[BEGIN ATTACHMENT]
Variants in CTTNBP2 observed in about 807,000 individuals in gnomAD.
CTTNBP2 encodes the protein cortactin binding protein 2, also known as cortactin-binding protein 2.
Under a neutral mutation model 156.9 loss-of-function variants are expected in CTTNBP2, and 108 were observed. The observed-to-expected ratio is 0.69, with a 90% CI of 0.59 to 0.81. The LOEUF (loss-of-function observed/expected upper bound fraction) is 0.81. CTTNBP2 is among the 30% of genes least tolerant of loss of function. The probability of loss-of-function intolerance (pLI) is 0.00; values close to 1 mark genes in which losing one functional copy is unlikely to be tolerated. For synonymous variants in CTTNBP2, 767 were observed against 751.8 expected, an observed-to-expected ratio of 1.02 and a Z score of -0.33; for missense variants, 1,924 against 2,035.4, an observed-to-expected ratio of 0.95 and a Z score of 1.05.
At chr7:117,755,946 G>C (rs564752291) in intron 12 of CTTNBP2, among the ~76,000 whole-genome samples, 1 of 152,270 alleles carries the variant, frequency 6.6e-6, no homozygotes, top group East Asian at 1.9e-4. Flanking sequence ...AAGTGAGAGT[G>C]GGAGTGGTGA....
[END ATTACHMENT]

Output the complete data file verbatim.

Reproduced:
Variants in CTTNBP2 observed in about 807,000 individuals in gnomAD.
CTTNBP2 encodes the protein cortactin binding protein 2, also known as cortactin-binding protein 2.
Under a neutral mutation model 156.9 loss-of-function variants are expected in CTTNBP2, and 108 were observed. The observed-to-expected ratio is 0.69, with a 90% CI of 0.59 to 0.81. The LOEUF (loss-of-function observed/expected upper bound fraction) is 0.81. CTTNBP2 is among the 30% of genes least tolerant of loss of function. The probability of loss-of-function intolerance (pLI) is 0.00; values close to 1 mark genes in which losing one functional copy is unlikely to be tolerated. For synonymous variants in CTTNBP2, 767 were observed against 751.8 expected, an observed-to-expected ratio of 1.02 and a Z score of -0.33; for missense variants, 1,924 against 2,035.4, an observed-to-expected ratio of 0.95 and a Z score of 1.05.
At chr7:117,755,946 G>C (rs564752291) in intron 12 of CTTNBP2, among the ~76,000 whole-genome samples, 1 of 152,270 alleles carries the variant, frequency 6.6e-6, no homozygotes, top group East Asian at 1.9e-4. Flanking sequence ...AAGTGAGAGT[G>C]GGAGTGGTGA....